On the other hand, the United Steelworkers (USW) union was mostly though not totally pleased with Mr. Obama's speech.
“From saving America's auto sector from bankruptcy, to reforming our financial system, to expanding access to health care, President Obama deserves enormous credit for his leadership,” said USW International President Leo W. Gerard.
But while Mr. Gerard said the USW agreed with most of the president's agenda, it had to oppose him on trade.
“USW members, their families and their communities have had to pay the price for past trade deals and today's outdated policies,” he said. “America cannot afford more of the same.”
Scott Paul, president of the Alliance of American Manufacturing (of which the USW is a member), expressed similar views about Mr. Obama's trade policies.
“I'm still baffled as to why the president is pursuing a Trans-Pacific Partnership (TPP) trade agreement without addressing the very serious issue of currency manipulation, particularly with Japan,” Mr. Paul said.
“By ignoring the concerns of industry, workers and majorities of the House and Senate, he's not only putting the TPP at risk, he's putting a whole lot of auto jobs in the U.S. at risk, too.”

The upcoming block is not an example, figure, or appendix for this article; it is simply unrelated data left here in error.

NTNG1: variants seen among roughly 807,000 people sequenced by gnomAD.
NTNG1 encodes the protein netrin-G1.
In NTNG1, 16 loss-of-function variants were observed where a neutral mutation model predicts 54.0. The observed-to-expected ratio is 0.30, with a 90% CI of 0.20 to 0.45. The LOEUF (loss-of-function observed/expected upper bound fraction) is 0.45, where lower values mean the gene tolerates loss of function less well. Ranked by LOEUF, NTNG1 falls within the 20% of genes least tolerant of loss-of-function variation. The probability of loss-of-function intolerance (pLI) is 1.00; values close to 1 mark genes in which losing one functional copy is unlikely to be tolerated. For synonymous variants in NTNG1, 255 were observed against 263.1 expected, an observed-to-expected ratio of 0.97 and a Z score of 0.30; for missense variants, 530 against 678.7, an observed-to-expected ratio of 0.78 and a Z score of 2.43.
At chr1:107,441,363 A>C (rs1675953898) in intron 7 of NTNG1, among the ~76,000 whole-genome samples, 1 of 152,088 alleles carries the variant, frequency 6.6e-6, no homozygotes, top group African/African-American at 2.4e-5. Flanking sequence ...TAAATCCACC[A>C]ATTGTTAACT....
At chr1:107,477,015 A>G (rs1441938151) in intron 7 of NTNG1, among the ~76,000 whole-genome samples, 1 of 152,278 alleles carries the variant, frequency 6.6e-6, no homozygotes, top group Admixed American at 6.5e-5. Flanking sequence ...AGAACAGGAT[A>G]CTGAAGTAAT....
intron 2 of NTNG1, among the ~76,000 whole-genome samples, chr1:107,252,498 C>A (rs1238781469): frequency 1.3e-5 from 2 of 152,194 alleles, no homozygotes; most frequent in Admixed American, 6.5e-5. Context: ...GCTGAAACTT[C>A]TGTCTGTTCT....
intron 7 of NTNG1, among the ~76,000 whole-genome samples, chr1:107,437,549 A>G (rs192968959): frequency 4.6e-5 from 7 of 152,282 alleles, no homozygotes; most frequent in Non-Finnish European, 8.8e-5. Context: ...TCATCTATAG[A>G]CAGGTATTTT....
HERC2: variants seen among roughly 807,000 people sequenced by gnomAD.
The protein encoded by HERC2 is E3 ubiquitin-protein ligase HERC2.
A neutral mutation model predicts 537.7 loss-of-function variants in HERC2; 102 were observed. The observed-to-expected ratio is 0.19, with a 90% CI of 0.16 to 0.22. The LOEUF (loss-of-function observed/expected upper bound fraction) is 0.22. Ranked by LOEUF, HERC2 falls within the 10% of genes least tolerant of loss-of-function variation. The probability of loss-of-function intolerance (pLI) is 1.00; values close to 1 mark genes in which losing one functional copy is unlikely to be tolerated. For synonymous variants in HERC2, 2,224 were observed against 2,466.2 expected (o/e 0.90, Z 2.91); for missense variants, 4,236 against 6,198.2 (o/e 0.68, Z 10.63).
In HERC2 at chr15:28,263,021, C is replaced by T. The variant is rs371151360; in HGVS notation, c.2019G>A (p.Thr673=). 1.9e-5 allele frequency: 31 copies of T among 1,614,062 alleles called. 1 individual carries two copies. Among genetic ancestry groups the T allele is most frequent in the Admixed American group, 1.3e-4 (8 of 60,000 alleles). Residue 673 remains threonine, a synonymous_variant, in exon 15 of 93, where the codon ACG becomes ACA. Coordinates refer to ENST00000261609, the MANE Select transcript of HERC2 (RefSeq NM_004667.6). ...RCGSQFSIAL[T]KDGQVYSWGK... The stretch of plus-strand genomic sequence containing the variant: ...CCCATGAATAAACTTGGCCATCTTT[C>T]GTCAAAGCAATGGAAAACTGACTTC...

Pete Ruane, president and CEO of the American Road & Transportation Builders Association, said investments in surface transportation and infrastructure were long overdue for bipartisan consensus.
“However, policy legacies won't be earned with more short-term gimmicks and temporary patches of the Highway Trust Fund,” Mr. Ruane said in a press release issued after the State of the Union. “It will require Congress and the president to enact a long-term revenue stream to ensure state governments have the reliable federal partner they need to make overdue improvements to America's roads, bridges and transit systems.”
The Arlington, Va.-based American Trucking Associations (ATA) said in a Jan. 21 press release that it is disappointed that President Obama failed to present a detailed outline of a long-term, fully funded highway bill in his address.
“Just mentioning infrastructure is not a solution to our nation's critical needs,” said ATA President and CEO Bill Graves.
“By simply bringing up the topic without details, President Obama missed an opportunity to underscore the critical role our highway system plays in our economic well-being.”
Mr. Graves called on President Obama and Congress to act quickly to pass a new highway bill and prevent the Highway Trust Fund from going bankrupt. The current short-term highway measure funds the Highway Trust Fund only through May 2015.
In a lighter moment, when some in the audience applauded his statement that he had no more campaigns to run, President Obama delivered a retort reminding that he had “won both” of his campaigns.